Unfortunately, Project Enigma never saw the light of day... This project was far too ambitious for a team of high-school students to accomplish, within a reasonable amount of time, with a budget of zero-dollars and zero-cents... But it was fun and we learned a lot from the process.
 
 

 
During my sophomore year (2009) I created Small Scale Epic for the YoYoGame "Save the Planet" competition. I didn't win, but my game was featured in SimulatorGM Issue 1. Click here to download Small Scale Epic (Windows only.)
 
 

I created Grid Lock during Junior year (2010.) It took me less than two hours to build (in a "double-period" class that I'd totally checked out from.)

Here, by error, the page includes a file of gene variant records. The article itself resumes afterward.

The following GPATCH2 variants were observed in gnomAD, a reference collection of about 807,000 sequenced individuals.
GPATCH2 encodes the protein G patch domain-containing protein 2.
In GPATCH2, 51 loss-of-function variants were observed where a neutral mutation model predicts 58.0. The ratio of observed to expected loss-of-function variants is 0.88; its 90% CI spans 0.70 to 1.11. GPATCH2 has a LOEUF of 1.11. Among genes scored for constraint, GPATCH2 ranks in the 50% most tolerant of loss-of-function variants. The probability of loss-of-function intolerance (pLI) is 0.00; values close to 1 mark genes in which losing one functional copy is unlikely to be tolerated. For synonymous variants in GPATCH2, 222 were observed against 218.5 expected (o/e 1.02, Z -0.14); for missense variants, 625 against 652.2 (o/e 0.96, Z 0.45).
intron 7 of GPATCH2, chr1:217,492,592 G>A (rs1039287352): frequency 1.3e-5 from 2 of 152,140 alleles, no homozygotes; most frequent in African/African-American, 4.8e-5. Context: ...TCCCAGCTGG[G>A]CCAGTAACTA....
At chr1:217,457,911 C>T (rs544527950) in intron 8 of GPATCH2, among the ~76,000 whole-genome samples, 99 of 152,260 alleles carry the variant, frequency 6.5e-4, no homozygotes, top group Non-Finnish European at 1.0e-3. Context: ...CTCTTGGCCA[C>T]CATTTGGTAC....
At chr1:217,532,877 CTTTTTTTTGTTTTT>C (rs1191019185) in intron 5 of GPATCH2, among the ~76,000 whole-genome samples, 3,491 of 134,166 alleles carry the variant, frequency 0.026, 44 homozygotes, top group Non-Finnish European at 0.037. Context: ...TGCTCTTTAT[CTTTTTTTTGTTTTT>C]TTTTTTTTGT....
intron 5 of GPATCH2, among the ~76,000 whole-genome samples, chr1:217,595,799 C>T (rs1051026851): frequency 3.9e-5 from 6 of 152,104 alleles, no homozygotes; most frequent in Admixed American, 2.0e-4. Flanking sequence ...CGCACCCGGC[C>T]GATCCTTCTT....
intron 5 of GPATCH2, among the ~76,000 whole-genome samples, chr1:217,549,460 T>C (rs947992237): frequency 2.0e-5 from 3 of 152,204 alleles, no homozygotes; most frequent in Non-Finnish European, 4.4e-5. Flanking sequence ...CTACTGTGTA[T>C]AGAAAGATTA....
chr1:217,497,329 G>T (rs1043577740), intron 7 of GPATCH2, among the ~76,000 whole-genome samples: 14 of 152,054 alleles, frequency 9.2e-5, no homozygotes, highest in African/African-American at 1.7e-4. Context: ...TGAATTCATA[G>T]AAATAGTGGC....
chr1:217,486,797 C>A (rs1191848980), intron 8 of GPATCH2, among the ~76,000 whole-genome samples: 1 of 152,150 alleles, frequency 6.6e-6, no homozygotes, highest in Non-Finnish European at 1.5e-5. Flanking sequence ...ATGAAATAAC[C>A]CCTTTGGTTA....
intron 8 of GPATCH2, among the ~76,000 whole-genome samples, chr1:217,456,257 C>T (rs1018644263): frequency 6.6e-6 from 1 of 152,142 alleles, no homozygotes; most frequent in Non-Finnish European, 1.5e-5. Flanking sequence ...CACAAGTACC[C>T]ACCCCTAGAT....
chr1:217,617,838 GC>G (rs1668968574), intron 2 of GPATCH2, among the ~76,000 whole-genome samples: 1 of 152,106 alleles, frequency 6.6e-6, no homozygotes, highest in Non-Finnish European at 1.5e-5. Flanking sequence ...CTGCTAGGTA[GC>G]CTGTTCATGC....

A year after graduation (2012) YoYoGames announced the HTML5 export-module for GameMaker, so I converted it into a mobile HTML5 game. Click here to play Grid Lock in any browser, on any device (because HTML5 kicks ass.)
 
HTML5 games were in high-demand at the time, and I was able to sell non-exclusive licenses to three different publishers, and made around a thousand dollars from it. All of the sudden, the HTML5 market became very, very crowded and I had to get a "real job."
 

January 2014:  Bobby and I teamed up once again to attempt the One Game a Week challenge that we (kinda) invented. We were inspired thesis we found on “rapid prototyping” and derived the idea from the One Game a Month challenge.  We made-up a company called Fiat Games and set-up a makeshift-office at my dad's house.